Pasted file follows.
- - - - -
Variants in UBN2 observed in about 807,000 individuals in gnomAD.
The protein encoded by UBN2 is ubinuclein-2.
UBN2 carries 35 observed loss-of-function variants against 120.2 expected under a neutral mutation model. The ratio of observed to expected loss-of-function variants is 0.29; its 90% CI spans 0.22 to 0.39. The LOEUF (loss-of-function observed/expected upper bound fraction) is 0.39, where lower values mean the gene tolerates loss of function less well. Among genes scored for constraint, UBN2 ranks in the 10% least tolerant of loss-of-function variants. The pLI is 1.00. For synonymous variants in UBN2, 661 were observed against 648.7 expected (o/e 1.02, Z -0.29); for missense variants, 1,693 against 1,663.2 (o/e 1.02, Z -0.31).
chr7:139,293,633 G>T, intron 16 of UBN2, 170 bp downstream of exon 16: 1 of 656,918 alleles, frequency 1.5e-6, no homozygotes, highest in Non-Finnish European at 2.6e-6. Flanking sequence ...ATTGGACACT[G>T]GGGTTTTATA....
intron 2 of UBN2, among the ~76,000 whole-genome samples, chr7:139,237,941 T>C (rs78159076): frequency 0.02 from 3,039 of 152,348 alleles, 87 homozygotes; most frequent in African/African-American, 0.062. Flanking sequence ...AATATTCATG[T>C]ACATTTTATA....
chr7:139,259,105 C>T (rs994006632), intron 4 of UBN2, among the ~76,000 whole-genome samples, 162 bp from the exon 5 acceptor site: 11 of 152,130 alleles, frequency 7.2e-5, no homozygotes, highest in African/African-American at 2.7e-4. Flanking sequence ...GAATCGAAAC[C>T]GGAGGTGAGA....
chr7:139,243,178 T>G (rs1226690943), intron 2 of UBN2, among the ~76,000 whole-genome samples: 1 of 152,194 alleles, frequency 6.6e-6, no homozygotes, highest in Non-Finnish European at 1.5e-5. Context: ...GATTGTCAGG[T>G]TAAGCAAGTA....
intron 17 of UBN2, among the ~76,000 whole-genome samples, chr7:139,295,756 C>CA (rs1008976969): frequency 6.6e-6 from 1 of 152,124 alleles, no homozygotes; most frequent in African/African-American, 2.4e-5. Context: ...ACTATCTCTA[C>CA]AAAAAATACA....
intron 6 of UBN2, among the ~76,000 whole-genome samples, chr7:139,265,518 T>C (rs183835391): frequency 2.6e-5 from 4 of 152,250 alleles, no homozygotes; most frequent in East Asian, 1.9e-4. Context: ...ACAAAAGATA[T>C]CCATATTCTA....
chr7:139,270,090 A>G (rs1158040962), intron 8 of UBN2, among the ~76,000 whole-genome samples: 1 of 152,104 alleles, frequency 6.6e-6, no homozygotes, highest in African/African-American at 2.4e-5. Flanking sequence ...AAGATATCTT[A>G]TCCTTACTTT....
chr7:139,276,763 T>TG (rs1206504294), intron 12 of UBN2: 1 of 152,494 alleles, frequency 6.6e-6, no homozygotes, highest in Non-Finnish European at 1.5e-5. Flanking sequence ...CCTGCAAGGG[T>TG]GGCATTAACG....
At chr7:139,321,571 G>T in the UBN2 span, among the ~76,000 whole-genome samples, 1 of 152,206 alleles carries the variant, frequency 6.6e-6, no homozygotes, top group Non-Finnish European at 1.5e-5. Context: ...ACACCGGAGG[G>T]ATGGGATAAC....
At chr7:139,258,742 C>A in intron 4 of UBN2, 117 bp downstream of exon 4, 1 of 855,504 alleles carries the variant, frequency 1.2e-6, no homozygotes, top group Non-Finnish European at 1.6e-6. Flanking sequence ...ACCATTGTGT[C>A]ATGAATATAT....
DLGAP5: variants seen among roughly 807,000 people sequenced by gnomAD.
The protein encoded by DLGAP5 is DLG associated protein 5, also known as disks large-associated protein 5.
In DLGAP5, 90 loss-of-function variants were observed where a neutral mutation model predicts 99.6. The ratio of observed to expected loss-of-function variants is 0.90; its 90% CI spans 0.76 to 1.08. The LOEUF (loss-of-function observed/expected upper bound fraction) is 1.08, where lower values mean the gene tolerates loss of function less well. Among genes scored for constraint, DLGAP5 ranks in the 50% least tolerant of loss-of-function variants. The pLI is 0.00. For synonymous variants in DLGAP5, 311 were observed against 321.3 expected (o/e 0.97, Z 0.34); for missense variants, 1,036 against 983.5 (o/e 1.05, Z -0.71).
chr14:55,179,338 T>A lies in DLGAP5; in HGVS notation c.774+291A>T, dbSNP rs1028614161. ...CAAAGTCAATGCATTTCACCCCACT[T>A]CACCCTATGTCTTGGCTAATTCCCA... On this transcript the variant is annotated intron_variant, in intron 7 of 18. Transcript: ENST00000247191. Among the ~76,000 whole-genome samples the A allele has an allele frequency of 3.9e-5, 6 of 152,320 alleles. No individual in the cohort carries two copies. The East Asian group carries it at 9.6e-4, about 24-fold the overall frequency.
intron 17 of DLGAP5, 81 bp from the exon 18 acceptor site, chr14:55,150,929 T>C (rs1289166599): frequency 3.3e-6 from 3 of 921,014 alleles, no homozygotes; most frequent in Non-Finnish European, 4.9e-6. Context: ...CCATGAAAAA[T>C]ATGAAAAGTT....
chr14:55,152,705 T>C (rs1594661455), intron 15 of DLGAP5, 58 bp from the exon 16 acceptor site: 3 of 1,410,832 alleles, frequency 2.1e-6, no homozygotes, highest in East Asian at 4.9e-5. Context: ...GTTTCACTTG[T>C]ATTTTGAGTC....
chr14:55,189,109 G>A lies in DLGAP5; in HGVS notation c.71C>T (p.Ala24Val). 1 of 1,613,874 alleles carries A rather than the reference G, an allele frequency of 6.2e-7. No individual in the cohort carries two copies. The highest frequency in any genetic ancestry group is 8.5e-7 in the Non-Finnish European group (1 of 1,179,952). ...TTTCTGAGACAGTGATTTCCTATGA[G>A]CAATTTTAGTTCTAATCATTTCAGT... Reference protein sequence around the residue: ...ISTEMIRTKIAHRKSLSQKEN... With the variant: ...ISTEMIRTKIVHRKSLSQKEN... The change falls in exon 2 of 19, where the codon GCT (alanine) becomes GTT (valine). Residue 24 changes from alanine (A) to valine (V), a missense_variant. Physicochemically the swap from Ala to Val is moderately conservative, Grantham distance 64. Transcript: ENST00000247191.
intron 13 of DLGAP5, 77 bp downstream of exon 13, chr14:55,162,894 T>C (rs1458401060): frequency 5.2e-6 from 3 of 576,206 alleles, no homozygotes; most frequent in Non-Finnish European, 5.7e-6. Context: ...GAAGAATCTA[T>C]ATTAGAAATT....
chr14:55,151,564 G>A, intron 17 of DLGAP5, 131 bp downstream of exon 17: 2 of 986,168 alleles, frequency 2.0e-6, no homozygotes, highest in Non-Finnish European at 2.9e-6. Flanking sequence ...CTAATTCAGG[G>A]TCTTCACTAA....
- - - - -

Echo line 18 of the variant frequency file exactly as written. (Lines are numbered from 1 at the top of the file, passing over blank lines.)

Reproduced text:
intron 17 of DLGAP5, 81 bp from the exon 18 acceptor site, chr14:55,150,929 T>C (rs1289166599): frequency 3.3e-6 from 3 of 921,014 alleles, no homozygotes; most frequent in Non-Finnish European, 4.9e-6. Context: ...CCATGAAAAA[T>C]ATGAAAAGTT....